Monthly Archives: May 2017

Facts/Values/Strategies Conference

I will offline tomorrow, attending the Facts/Values/Strategies mini-conference co-hosted by Tufts’ University’s Tisch College of Civic Life and The Good Society, the journal of civic studies for which I serve as an editor.

In preparation for this conference, I’ve been reading the conference papers – which each seek to integrate facts, values, and strategies in conceiving of citizen’s roles in civil society. The papers have been engaging and inspiring, and I’m looking forward to a day and a half of dialogue digging into these topics.

The framing statement for the conference is below:
Current global crises of democracy raise fundamental questions about how citizens can be responsible and effective actors, whether they are combating racism in the United States, protecting human rights in the Middle East, or addressing climate change. If “citizens” are people who strive to leave their communities greater and more beautiful (as in the Athenian citizen’s oath), then their thinking must combine facts, values, and strategies, because all three must influence any wise decision. Mainstream scholarship distinguishes facts, values, and strategies, assigning them to different branches of the academy. Many critics have noted the philosophical shortcomings of the fact/value distinction, but citizens need accounts of how facts, values, and strategies can be recombined, both in theory and in practice. John Dewey, Hannah Arendt, Mahatma Gandhi, Jürgen Habermas, Amartya Sen—and many other theorists of citizenship—have offered such accounts.

Actual civic movements also combine facts, values, and strategies in distinctive ways. For instance, the American Civil Rights Movement used the language of prophesy, and Second Wave Feminism strategically advocated new ways of knowing.

These papers propose theoretical, methodological, historical, and empirical responses and case-studies related to the question: how should citizens put facts, values, and strategies together?

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Isotta Nogarola

Isotta Nogarola was a great one of the great female humanists of the Renaissance.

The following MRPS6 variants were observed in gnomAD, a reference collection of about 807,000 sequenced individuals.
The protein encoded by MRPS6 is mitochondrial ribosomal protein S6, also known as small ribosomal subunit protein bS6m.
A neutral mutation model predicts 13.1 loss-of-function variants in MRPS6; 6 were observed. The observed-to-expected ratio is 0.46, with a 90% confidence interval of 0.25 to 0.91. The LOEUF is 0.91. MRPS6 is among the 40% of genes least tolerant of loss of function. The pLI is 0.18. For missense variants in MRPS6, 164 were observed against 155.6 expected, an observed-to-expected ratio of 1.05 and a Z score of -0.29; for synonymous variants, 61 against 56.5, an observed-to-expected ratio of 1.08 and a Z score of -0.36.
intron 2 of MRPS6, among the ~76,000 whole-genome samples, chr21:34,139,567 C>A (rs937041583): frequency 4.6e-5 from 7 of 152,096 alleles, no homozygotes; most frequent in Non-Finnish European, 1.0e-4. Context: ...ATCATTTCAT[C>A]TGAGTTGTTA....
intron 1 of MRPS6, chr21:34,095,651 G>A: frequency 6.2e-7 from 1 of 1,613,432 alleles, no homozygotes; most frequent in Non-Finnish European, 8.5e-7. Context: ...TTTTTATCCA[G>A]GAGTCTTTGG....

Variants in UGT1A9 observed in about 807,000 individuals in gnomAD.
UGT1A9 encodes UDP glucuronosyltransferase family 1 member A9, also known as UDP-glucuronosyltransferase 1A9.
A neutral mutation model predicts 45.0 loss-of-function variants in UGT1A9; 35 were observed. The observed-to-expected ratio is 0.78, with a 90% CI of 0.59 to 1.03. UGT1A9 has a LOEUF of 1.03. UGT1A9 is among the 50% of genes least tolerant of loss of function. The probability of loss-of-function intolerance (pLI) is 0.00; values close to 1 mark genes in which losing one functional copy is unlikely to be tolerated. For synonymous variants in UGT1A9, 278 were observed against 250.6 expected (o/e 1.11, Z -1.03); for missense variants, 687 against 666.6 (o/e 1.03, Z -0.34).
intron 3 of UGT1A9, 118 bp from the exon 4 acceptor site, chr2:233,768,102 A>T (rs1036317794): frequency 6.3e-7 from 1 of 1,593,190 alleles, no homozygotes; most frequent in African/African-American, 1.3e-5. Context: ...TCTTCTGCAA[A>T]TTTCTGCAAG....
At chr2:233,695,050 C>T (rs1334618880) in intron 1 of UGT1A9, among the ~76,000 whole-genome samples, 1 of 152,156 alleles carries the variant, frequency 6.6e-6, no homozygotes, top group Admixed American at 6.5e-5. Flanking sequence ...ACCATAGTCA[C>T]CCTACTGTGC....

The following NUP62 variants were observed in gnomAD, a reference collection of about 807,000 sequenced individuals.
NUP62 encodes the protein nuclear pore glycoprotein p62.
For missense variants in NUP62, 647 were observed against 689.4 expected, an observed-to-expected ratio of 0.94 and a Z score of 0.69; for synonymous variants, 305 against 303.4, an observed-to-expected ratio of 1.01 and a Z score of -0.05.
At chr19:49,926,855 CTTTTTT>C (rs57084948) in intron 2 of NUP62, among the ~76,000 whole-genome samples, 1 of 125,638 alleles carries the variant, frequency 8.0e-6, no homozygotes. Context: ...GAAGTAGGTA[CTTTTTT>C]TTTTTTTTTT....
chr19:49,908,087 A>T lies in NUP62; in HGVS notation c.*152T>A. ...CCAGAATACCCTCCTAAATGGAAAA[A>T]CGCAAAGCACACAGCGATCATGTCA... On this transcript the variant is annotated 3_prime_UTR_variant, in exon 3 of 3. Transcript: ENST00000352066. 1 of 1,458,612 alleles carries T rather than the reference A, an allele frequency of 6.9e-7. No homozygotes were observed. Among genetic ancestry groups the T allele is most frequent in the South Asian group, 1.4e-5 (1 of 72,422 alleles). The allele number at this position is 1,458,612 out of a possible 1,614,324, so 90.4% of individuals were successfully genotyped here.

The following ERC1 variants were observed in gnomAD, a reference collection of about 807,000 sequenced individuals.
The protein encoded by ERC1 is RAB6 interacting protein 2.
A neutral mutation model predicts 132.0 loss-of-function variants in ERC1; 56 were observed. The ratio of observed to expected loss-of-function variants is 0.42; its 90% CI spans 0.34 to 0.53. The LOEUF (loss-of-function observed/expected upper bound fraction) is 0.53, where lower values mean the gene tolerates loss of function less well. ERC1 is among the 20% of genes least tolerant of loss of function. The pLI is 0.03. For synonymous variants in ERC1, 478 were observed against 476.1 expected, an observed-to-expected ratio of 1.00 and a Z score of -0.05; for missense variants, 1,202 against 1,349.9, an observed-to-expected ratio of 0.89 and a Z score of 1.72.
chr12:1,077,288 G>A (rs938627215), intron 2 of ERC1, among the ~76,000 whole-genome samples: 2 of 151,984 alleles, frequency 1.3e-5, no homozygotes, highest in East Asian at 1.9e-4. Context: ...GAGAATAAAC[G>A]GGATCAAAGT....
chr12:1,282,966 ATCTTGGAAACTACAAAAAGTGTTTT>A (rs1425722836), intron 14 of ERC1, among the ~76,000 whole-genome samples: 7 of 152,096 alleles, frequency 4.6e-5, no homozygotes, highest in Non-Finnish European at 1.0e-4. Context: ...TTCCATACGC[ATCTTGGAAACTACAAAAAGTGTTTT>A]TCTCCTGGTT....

Born to a wealthy family in Verona, Nogarola was trained in the humanist arts – as was the custom for aristocratic men and women of the day.

Women, however, were expected to do little with their training but be personally enriched to that they may later similarly enrich their own children.

Nogarola, however, sought to further enrich the humanist field by entering into scholarly correspondence with some of the leading humanists in Italy.

Her letters drew scorn from the greater public. There is a long history in the Western world of women being excluded from the public sphere; of being silenced and branded as unclean if they dare speak up.

Nogarola was no exception – rumors spread that she was a prostitute, and that she had engaged in incest.

The reasoning for these rumors?

An eloquent women is never chaste.

 

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The Gender of Folly

In Erasmus’ famous 1511 essay, The Praise of Folly, the embodiment of Folly herself delivers satirical oratory, praising herself and critiquing the norms and institutions of the day.

The piece itself is wonderfully well written, and there is a wealth of scholarship examining Erasmus’ satirical intents.

But there is one element of the essay which I have always found particularly striking. As Folly finalizes her argument, she closes her refined rhetoric by stating:

If anything I have said shall seem too saucy or too glib, stop and think: ‘tis Folly, and a woman, that has spoken. But of course you will also remember that Greek proverb, “Even a foolish man will often speak a word in season,” unless, perhaps you assume that this does not extend to women.

Patricia Bizzell notes that scholars have generally paid little attention to Folly’s gender – after all, female muses and even fools were common in Renaissance oration, with roots dating back further.

Yet ignoring Folly’s gender seem a misstep  – it is not incidental, but rather a core element of Erasmus’ satire. Folly’s gender allows her dismiss herself – after all, ‘tis Folly, and a woman, that has spoken – even as she delivers outspoken criticism of society.

Her gender also makes her an outsider, as Bizzell writes: